While the Israeli public was lighting memorial candles for its fallen soldiers and clustered around the mangal this week, Prime Minister Benjamin Netanyahu quietly took advantage of the smoke and the haze to assemble members of his cabinet to retroactively approve three new settlement outposts in the West Bank. The timing of this policy change was no coincidence, as the government coalition was seemingly determined to supplant the acrid odor of judicial outmaneuvering at Migron with the sweet scent of bonfires on the hilltops. Yet, as the State of Israel blows out its 64 birthday candles, what does this move mean for the Zionist project?
As announced on Sunday, the prime minister took to creating his own facts on the ground in the form of a sympathetic council of four — himself, Revisionist Zionist heir Benny Begin, Likud party stalwart Moshe “Bogey” Ya’alom, and Defense Minister Ehud Barak — to bypass a Knesset vote on the matter of the settlements’ status. If the outcome of these deliberations was ever in doubt, vice-premier and party apparatchik Silvan Shalom later broadcast on his Facebook page that “the settlement flag is the central flag of the Likud movement, and the evacuation of settlements is simply out of the question.” Two days later, the committee agreed to the post-factum recognition of the state territory upon which three northern West Bank settlement outposts were built and a stay on the evacuation of the Beit El neighborhood of Ulpana built on private Palestinian land.
Each of these communities has a storied history in the last two decades of the Israeli settlement enterprise. Bruchin, a burgeoning township at almost 400 Orthodox settlers founded in 1999-2000 between Ariel and Rosh Ha-Ayin, boasts not only of a panopoly of services offered to residents but that “[it] is a family.” Like its internet page, Sansana, a community of approximately 50 families in the Hebron hills half an hour from Beersheba, remains under construction, originating as a Nahal settlement in 1996 and later transferred to civilian authorities in 1999. The current population of Rechalim is the latest in a series of groups that have squatted at the site near Kfar Tapuach since the early 1990s. All three settlements were built either in explicit or indirect response to terrorist attacks against Israeli settlers in the occupied territories. Last but not least, the Ulpana section of the West Bank settlement of Beit El, established during the tenure of Ehud Barak himself in 1999, is only one of many neighborhoods and outposts built during the so-called settlement freeze.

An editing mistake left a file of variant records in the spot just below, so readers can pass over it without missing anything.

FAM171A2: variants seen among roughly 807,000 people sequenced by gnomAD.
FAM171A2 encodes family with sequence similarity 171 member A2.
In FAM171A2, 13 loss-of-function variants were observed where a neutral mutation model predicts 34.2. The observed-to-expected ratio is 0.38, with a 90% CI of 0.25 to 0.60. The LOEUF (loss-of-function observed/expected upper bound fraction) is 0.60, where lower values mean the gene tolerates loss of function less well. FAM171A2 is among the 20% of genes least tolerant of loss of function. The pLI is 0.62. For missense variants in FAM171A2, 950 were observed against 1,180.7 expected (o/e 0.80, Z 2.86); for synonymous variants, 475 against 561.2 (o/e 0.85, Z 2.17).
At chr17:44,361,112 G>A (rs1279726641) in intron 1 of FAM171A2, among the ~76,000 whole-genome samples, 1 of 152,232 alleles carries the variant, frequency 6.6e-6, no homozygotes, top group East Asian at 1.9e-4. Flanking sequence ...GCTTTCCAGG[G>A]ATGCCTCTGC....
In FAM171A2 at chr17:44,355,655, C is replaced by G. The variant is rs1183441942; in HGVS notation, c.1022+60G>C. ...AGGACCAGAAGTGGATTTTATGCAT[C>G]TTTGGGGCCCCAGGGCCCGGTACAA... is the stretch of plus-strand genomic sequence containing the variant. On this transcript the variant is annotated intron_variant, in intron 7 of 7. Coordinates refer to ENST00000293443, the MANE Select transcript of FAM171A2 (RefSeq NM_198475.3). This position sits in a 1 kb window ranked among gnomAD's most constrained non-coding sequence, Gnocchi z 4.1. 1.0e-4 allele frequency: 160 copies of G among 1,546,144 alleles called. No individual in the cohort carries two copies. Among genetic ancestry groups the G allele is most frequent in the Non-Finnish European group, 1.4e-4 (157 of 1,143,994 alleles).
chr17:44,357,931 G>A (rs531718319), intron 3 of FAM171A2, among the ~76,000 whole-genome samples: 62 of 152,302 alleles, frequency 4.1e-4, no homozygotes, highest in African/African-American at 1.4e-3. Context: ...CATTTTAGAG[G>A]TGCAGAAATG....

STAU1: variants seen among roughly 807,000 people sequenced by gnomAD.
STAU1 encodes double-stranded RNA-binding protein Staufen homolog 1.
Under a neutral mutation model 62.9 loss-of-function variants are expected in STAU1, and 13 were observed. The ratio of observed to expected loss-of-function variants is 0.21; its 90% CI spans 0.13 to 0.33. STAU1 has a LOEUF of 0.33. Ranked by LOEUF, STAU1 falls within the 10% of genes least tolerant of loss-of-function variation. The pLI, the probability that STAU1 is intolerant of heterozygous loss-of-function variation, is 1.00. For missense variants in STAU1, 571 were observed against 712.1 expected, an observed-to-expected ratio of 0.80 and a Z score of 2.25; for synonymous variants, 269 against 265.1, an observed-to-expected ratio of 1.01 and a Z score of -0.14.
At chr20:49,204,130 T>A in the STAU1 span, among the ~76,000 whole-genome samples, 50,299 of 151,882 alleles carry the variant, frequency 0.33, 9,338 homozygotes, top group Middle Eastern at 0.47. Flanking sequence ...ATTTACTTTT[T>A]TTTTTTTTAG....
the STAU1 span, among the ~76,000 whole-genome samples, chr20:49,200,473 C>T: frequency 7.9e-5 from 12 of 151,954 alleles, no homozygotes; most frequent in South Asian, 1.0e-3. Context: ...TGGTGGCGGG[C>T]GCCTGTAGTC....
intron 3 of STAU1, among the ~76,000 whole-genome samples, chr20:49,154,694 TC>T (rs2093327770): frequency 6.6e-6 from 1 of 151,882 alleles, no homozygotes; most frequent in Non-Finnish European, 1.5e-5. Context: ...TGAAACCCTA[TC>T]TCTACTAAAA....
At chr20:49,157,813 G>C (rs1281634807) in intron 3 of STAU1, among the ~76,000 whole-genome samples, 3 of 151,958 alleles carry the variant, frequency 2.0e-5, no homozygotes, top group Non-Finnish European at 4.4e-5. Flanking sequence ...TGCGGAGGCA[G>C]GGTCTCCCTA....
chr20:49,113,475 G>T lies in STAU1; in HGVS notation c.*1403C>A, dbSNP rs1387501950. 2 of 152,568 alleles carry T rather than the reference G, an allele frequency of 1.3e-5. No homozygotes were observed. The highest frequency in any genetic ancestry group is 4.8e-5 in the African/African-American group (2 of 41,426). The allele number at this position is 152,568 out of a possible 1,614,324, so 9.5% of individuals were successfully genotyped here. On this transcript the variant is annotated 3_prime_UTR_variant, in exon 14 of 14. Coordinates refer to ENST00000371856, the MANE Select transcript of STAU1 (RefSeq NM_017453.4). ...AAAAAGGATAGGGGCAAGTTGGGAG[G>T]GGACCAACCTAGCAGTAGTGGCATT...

As the international community (including the United States, European Union, and the United Nations) condemn this recent policy decision, it is worthwhile to reflect on the words of left-wing activist and Yesh Din legal counsel Michael Sfard to The New York Times on the eve of Israeli Independence Day. To him, the day had arrived where, “this government only now reaches the crossroads, the dilemma: it has to choose between the rule of law and ideology.”
This observation brings to mind a profound passage in the opening pages of Shlomo Ben-Ami’s memoir “Scars of War, Wounds of Peace: The Israeli-Arab Tragedy” (2006), where he recounts an interview he gave before his “last ditch effort” to salvage the Oslo Process in 1999:
A normal state is not supposed to settle beyond its legitimate borders. We have created a state, we have been admitted to the UN, we strive to have orderly relations with the international community, yet we still continue to behave as if we are a Yishuv. The entire peace enterprise of this government is aimed at leading the nation to choose, once and for all, between being a state or a Yishuv.
The Israeli diplomat’s distinction here is not merely a semantic one; the choice between settlement and statehood is a fundamental characterization of the Zionist project. Does the state, in the form of authorizing settlement outposts, continue as an expansionist enterprise? Or does it safeguard 64 years of history and remain a state within its borders (if those will likely include territorial swaps for existing settlement blocs that will be attached to Israel in a final peace agreement?)
As The Times of Israel’s founding editor, David Horovitz, beautifully wrote in the pages of this newspaper, at the ripe age of 64, “now we have to accelerate our hesitant transition from youthful, all-conquering zeal to a more adult stability. That means we need to decide more precisely, for ourselves, what kind of a grown-up country we want to be.” The Pirkei Avot [Ethics of the Fathers] teaches that at the age of 60, one reaches seniority, or intellectual maturity. I can only hope that the leadership and people of Israel will chose from this year, ad meah v’esrim and far beyond, to be a state.